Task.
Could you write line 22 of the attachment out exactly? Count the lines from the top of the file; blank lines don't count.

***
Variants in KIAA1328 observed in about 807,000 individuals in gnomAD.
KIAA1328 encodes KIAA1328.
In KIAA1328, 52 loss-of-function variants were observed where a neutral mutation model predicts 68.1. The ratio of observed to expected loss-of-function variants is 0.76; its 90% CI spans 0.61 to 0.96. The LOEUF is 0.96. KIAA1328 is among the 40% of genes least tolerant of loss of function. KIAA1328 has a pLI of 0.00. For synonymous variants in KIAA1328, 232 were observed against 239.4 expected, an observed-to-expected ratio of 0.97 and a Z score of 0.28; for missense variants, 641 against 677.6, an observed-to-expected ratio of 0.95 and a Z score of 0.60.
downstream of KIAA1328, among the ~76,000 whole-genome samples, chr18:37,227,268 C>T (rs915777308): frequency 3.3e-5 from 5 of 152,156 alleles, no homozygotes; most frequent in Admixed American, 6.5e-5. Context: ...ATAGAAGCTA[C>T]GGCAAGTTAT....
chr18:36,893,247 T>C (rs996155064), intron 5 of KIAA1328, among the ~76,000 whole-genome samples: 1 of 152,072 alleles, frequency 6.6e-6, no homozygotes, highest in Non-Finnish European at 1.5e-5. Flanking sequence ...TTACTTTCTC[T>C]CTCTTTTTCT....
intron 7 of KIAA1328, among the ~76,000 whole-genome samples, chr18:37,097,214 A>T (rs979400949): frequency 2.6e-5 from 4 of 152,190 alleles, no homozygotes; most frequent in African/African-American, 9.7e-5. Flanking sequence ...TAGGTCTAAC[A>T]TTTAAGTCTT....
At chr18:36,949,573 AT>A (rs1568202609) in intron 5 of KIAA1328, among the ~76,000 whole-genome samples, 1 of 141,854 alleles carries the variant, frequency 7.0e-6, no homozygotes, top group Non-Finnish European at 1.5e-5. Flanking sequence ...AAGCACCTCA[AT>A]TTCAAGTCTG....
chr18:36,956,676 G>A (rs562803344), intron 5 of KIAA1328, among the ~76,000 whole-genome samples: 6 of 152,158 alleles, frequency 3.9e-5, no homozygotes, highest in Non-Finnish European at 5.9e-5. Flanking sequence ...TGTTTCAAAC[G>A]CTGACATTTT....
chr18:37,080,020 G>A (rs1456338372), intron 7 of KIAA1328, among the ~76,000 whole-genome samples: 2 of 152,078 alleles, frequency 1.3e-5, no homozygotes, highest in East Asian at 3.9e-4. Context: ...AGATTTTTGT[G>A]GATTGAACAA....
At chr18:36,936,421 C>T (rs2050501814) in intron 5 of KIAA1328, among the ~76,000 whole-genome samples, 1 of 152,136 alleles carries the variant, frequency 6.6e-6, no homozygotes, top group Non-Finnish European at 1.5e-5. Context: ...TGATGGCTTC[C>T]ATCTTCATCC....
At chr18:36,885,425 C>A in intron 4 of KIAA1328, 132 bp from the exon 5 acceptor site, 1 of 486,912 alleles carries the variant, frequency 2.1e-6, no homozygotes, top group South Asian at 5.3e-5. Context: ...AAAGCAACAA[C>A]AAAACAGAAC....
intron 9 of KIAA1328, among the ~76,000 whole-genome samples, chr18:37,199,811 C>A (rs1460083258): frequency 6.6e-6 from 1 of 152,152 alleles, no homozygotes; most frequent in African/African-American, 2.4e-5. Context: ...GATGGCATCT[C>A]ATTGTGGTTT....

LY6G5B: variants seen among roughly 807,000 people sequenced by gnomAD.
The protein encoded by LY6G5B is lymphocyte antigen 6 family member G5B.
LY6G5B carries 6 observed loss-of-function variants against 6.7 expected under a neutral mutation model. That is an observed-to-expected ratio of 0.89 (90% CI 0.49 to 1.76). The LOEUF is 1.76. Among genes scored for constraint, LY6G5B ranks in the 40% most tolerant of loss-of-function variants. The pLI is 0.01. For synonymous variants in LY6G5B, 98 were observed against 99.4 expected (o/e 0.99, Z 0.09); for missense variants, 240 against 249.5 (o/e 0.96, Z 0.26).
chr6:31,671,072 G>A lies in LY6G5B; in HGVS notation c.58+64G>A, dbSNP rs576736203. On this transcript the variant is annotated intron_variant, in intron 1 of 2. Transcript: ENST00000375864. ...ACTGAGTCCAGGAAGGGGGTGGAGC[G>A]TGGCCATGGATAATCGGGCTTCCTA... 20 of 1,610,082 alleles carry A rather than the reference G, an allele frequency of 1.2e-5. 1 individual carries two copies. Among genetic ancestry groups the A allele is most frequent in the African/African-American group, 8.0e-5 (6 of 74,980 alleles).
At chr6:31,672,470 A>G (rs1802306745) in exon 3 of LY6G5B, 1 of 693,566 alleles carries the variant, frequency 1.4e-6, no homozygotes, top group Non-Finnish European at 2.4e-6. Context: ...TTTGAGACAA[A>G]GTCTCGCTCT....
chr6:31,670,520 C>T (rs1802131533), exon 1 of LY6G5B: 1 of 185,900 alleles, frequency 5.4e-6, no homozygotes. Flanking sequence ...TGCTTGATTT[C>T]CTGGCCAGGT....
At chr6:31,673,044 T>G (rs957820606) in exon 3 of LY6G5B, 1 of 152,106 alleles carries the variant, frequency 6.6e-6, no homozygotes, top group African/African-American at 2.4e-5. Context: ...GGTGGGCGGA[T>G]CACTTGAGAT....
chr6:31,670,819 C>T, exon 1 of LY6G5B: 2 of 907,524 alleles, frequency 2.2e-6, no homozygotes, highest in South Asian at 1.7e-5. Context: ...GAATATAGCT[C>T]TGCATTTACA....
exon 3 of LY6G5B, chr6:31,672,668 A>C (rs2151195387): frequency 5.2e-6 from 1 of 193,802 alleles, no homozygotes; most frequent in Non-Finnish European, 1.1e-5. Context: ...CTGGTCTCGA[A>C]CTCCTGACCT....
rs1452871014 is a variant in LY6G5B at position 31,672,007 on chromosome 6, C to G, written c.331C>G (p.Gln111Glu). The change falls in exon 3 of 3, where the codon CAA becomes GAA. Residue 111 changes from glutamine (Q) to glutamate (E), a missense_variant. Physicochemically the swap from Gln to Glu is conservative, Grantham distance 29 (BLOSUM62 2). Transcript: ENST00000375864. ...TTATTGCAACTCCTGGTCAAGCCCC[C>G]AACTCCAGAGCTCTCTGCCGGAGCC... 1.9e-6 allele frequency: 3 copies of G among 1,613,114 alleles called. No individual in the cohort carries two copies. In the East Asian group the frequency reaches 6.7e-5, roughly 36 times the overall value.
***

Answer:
rs1452871014 is a variant in LY6G5B at position 31,672,007 on chromosome 6, C to G, written c.331C>G (p.Gln111Glu). The change falls in exon 3 of 3, where the codon CAA becomes GAA. Residue 111 changes from glutamine (Q) to glutamate (E), a missense_variant. Physicochemically the swap from Gln to Glu is conservative, Grantham distance 29 (BLOSUM62 2). Transcript: ENST00000375864. ...TTATTGCAACTCCTGGTCAAGCCCC[C>G]AACTCCAGAGCTCTCTGCCGGAGCC... 1.9e-6 allele frequency: 3 copies of G among 1,613,114 alleles called. No individual in the cohort carries two copies. In the East Asian group the frequency reaches 6.7e-5, roughly 36 times the overall value.